Early Ordnance Survey maps trace the Roman road from just outside Bath through to Sandy Lane (Verlucio), then passing  south of Beckhampton and on to Silbury Hill where a Roman village was discovered in 2007. The track is lost here, though it points to a route straight through Marlborough on a line which which would lead directly to the site of Cunetio, still roughly corresponding to Margary road 53.

The site of Verlucio lies just at the point where there is the slight dip southerly at Chittoe, so the route from Verlucio to Cunetio is as clear as it can be, visible or guessable, the road distance measuring c.24.8km. It is as near direct, Roman road style, as it could be, so as the crow flies it is a similar distance, 24km.

OS map: the site of Verlucio, close to the Roman road

However, the 20 mpm of the Antonine Itinerary would be 29.6 km so there is some discrepancy there. Either it was measured inaccurately, or the manuscript tradition could be corrupt, recording xx mpm for xv mpm (22.2km) for example.

Antonine Itinerary XIV: 2) Aquae Solis to Verlucio

This section of the iter is one of the most straightforward: signs of a Roman road are distinguishable at least from Bathford, just east of Bath. This is the Margary road 53 which carries on to Verlucio/Sandy Lane and beyond in an almost straight line. As a result, the ‘as the crow flies’ distance is virtually the same as the road route. From the satellite view the line of the road can be made out by the stright line forming the division between the fields.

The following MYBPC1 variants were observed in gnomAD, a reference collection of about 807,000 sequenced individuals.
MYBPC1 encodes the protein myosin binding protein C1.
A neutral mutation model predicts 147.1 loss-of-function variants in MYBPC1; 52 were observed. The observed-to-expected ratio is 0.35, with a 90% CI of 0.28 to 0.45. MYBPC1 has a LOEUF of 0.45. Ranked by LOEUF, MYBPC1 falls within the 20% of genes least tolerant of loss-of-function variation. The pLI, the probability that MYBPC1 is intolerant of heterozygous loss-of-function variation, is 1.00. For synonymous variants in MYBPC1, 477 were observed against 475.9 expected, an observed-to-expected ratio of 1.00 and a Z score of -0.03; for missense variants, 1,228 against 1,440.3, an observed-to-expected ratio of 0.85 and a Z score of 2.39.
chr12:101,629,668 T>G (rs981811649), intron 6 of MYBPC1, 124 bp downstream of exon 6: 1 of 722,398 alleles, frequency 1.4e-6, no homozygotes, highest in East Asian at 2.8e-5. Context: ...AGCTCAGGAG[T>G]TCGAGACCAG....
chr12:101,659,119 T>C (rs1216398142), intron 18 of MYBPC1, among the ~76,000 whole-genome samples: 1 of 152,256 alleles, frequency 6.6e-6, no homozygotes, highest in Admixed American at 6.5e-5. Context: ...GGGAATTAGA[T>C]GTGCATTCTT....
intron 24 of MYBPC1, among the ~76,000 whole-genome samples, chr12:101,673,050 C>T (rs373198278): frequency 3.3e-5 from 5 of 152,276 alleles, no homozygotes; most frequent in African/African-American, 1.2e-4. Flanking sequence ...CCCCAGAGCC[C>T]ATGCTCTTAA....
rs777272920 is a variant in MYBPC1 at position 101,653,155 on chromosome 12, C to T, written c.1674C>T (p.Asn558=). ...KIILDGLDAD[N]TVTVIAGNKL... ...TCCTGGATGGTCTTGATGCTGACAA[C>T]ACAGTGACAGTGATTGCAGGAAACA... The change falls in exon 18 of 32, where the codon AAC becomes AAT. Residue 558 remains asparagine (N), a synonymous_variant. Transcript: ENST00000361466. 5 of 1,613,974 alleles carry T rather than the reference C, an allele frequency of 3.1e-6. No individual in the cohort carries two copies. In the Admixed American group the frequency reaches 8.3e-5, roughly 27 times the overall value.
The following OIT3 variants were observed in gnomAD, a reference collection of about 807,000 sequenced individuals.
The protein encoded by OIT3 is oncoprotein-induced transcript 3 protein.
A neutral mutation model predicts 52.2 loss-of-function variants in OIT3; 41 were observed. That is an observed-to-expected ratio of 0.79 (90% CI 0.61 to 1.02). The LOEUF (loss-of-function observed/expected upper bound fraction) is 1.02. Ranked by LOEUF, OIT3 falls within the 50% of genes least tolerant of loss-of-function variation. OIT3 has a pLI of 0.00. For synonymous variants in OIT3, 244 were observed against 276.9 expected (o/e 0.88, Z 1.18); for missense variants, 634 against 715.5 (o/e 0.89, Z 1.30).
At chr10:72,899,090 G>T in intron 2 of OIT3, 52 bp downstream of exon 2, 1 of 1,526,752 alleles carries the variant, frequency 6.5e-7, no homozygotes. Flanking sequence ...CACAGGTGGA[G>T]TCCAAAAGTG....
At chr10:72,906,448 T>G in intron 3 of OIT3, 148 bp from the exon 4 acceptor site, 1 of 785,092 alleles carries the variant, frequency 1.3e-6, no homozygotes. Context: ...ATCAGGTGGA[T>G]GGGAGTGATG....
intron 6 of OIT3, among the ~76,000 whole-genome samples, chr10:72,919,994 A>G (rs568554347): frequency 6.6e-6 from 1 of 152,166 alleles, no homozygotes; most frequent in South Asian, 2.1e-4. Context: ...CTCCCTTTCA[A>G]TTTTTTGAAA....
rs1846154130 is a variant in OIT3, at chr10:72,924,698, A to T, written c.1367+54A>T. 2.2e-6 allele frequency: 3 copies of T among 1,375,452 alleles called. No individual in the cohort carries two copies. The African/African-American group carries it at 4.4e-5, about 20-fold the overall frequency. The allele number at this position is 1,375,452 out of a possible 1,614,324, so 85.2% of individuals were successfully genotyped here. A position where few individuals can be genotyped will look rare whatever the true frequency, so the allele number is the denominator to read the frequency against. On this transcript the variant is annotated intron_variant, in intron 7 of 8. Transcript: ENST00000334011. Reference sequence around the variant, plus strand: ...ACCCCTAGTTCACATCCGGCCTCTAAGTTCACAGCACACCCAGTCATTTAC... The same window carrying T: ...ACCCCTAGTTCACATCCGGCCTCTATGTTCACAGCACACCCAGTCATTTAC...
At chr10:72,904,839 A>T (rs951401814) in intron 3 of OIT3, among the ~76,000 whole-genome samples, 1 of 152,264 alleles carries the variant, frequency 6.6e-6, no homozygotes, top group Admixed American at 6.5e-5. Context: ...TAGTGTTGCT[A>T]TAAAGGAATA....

Red dots are just below the route of Margary road 53, indicated by the field boundaries. Click to enlarge.

As on Margary 53, the road seems to dip southwards near the supposed site of Verlucio, and then continues east to Cunetio. The ‘as the crow flies’ distance between Aquae Solis and Verlucio is 22.43 km, as against the possible road route from the very centre of Bath, which would be about 23 km. The Itinerary‘s  15 x 1.48 = 22.2 km is close.

Like Caerleon to Caerwent, where there is a predicted,  direct Roman road, the Itinerary is fairly accurate; on this stage very accurate.

And so to the stage between Sandy Lane/Verlucio and Mildenhall/Cunetio …




Antonine Itinerary, Iter XIV: 1) Isca Silurum to Venta Silurum

For the calculations in kilometres and modern miles in what follows, the equivalents used are the commonly accepted 1,000 Roman paces = 1.48 km or 0.92 modern miles. The edition of Itinerarium Antonini Augusti consulted is that of G.Parthey and M.Pinder, Berlin, 1848. Iter XIV is on p. 233.

How accurate the Itinerary’s distances ever were, and whether/where the manuscript tradition might – perhaps – be corrupt, are problems to acknowledge rather than linger over at this stage. Iter XIV, on which Traiectus lies, starts at Caerleon (Isca Silurum) and ends at Silchester (Calleva Atrebatum), and is an alternative route (alio itinere) to the one via Gloucester. The total distance is recorded as CIII (103,000 paces or 103 Roman miles); and the separate distances given between each stopping point, satisfyingly, add up to exactly CIII. So far, so good.

The first stage of the iter, Isca Silurum (Caerleon) to Venta Silurum (Caerwent),  is given as VIIII mpm or 9,000 paces – c. 13.32 km or 8.28 miles. As the crow flies, the distance between the two is 13.23 km or 8.22 miles. Is that what the Itinerary’s measurements mean, or is it just a coincidence? A coincidence, surely, since mille passus must refer to a distance walked (rather than flown), mustn’t it? [But see future blog on this.] The ‘predicted’ Roman road route between Isca and Venta is roughly along the A48, though little archaeological evidence seems to exist.¹ Following that route (and cutting out some of the wiggles), the distance would be at least 14.42 km or 8.96 miles.